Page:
He begins by saying that a portion of people’s CPF contributions (Central Provident Fund) does indeed go into Medisave for healthcare. However, no breakdown is provided to show how much of the fund actually goes into Medisave.
Here is the amount that different age brackets pay for Medisave:
- Those 35 years and below put 21.62 percent of their total CPF into Medisave
- Those above 35 to 45 put 24.32 percent
- Those above 45 to 50 put 27.02 percent
- Those above 50 to 55 put 28.37 percent
- Those above 55 to 60 put 40.38 percent
- Those above 60 to 65 put 28.37 percent
- Those above 65 put 84 percent
Mr Ngerng then performed some computations.
“Taking 24.32% as the lowest denominator, CPF members would have paid S$7,751 million into the Medisave in 2016.
But if we were to break down the Medisave contributions according to the labour force by age, and by the Medisave contributions according to age, CPF members would have contributed S$14,407 million into the Medisave in 2016.
The actual amount that CPF members pay into Medisave would be somewhere in between, between $7,751 million and S$14,407 million. As the PAP government has chosen not to be transparent about the figures, this is the best estimate we are able to get.”
However, he cited a source from the Ministry of Health (MOH) that showed that CPF members were able to withdraw only S$931 million from their Medisave for direct medical expenses in 2016, thus coming to the conclusion that “CPF members are using only 5% to 10% of what they paid into Medisave every year for actual direct medical expenses.”
He also said that based on MOH reports, that the government used S$9,293.3 million in 2016 of taxpayer money to fund healthcare.
Mr Ngerng writes, “This would mean that what CPF members pay into Medisave in 2016 (between $7,751 million and S$14,407 million) would be enough to cover for the government health expenditure.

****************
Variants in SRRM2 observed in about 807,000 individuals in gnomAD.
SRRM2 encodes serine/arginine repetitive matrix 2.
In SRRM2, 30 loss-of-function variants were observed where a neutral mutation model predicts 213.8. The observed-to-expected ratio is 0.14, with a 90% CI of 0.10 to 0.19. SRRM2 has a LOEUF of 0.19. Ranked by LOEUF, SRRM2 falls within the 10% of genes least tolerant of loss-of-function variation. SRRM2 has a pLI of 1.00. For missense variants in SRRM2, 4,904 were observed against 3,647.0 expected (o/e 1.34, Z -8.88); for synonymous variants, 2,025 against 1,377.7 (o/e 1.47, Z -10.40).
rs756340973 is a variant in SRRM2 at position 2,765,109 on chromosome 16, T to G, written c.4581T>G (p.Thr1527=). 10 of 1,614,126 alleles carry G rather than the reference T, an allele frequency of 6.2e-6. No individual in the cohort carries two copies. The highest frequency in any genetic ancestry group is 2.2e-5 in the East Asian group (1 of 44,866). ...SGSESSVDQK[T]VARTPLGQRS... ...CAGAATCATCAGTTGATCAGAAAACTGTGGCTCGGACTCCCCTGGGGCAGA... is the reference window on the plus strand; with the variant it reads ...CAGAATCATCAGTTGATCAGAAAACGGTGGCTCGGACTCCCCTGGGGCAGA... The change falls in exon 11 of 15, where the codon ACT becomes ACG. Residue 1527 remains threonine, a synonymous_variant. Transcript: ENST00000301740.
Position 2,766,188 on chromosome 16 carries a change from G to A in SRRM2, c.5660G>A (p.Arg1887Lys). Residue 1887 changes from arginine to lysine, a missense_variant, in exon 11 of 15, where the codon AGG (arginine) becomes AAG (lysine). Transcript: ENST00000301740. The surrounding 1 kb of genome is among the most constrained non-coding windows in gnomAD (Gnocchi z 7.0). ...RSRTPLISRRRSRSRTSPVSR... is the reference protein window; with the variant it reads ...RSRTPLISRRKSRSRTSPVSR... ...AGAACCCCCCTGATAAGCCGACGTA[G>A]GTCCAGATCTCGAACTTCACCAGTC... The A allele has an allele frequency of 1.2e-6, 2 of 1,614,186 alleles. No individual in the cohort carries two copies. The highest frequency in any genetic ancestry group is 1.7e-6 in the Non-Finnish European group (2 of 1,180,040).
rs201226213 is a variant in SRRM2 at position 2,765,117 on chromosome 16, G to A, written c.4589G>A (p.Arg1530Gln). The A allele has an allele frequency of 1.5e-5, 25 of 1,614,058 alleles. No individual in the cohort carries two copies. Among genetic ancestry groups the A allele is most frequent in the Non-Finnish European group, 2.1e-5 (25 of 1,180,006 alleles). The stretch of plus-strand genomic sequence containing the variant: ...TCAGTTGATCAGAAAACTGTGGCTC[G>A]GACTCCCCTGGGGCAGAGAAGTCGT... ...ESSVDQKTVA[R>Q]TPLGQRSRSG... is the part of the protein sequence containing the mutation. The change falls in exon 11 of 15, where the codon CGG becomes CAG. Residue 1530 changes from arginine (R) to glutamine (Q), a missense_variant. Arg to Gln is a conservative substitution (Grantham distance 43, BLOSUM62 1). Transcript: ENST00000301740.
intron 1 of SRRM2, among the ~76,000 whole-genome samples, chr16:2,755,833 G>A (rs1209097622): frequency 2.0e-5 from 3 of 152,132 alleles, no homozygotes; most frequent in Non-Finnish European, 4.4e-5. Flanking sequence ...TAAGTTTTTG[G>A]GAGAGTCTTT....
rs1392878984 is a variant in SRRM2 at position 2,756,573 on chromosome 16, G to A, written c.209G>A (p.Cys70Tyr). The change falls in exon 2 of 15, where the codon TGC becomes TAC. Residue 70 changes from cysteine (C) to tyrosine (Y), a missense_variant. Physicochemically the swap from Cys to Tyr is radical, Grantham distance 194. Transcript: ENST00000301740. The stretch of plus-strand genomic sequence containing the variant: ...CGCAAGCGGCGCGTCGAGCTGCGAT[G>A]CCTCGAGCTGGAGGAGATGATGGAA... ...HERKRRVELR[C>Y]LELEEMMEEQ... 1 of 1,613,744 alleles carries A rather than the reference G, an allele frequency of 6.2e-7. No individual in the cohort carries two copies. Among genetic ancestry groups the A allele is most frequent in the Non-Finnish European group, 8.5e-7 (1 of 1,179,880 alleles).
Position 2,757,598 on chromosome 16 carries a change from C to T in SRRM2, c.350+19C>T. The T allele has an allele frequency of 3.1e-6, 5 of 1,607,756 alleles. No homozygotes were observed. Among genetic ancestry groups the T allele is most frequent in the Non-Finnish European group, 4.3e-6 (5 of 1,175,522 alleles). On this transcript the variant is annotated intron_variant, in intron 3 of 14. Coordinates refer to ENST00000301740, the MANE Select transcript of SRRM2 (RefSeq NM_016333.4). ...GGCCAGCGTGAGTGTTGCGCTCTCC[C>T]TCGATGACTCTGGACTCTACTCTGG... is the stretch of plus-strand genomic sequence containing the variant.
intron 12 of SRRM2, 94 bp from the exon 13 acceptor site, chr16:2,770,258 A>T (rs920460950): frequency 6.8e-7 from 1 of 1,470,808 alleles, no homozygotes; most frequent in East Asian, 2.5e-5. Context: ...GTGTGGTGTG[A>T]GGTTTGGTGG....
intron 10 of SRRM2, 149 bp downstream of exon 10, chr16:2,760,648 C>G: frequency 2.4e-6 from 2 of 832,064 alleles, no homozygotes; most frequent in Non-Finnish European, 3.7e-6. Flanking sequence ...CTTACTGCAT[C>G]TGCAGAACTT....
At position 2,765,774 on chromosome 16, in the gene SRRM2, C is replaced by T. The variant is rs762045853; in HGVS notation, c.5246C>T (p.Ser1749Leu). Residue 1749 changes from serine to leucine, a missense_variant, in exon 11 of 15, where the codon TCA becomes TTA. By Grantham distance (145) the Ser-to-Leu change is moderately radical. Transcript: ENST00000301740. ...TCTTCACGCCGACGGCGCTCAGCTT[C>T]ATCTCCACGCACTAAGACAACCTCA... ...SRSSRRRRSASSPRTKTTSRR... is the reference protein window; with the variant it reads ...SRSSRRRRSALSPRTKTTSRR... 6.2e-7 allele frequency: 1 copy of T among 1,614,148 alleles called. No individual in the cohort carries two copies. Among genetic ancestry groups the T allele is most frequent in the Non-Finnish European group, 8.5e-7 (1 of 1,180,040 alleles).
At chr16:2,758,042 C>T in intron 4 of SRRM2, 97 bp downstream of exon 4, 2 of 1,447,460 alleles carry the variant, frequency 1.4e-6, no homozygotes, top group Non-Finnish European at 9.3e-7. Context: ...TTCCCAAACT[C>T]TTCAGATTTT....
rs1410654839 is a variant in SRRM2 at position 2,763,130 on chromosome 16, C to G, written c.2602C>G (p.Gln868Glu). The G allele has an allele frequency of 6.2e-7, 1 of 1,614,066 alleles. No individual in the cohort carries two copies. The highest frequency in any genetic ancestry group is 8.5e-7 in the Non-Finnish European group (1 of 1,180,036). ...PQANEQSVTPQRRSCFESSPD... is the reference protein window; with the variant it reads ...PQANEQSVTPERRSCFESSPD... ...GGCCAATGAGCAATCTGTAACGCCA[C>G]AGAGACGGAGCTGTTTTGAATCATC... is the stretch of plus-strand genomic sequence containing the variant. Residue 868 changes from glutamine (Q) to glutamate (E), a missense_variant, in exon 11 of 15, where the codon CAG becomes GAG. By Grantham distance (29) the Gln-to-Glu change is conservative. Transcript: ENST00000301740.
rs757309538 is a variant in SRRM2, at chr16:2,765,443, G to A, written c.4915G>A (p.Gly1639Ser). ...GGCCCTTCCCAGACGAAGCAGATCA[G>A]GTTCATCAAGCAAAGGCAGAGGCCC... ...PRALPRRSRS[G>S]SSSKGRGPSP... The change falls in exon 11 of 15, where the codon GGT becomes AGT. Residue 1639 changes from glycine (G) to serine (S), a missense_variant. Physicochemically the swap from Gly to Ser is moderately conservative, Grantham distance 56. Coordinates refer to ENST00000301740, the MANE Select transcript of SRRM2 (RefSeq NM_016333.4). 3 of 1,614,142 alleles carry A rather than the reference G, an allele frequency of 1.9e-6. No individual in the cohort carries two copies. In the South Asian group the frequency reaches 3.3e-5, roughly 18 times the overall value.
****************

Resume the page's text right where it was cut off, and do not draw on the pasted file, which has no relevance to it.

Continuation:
Or in other words, what CPF members are paying in Medisave can cover for the whole amount the government uses our taxes to pay for healthcare.”
He then posed some questions:
The first question then is, why is the government making Singaporeans pay for taxes, and then for Medisave, when Singaporeans are already paying enough for either to pay for this portion of healthcare – noting that in Medisave, we are even only being returned 5% to 10% of what we pay in a year, for actual direct medical expenses?
Is the Singapore government then making Singaporeans double pay for healthcare?
On the next day, July 21, he wrote about this topic on Facebook again:
“The Medisave contributions Singaporeans make every year could be even more than the reported government expenditure on health every year.
But of the Medisave Singaporeans pay every year, they can only access 5% to 10% of it for actual medical expenses a year! The rest of the Medisave is passed on to the GIC and Temasek Holdings to earn, after being routed through the government bonds and national reserves.
Why are Singaporeans paying taxes for the government expenditure on healthcare, and then another Medisave where the majority of this Medisave is actually not returned to Singaporeans, but instead transferred to GIC and Temasek Holdings?
Then the Singapore PAP government makes Singaporeans pay out of their own pockets for another 30% of the total health expenditure in Singapore. But what Singaporeans pay into Medisave should be more than enough to cover this.
So why is the PAP government making Singaporeans pay so much into Medisave, and not allow Singaporeans to use it, then make Singaporeans pay another 30% out of pocket for healthcare, when Medisave would have covered for everything and still have excess leftover?
Something is wrong, isn’t it?
Why is the PAP government making Singaporeans double pay on healthcare? I’ve already shown they make Singaporeans double pay on education last week, and now healthcare.
While the PAP government is earning a lot of money from Singaporeans by withholding Singaporeans’ money from themselves, Singaporeans have instead become poorer.
Today, GIC and Temasek Holdings have become the top 10 richest sovereign wealth funds in the world, while Singaporeans pay for the 3rd highest out-of-pocket healthcare in the world, after converting for purchasing power parity.”
Mr Ngerng provided the references for his video in this link.
I made a new video to explain the healthcare financing in Singapore – to show how the Singapore PAP government is making…
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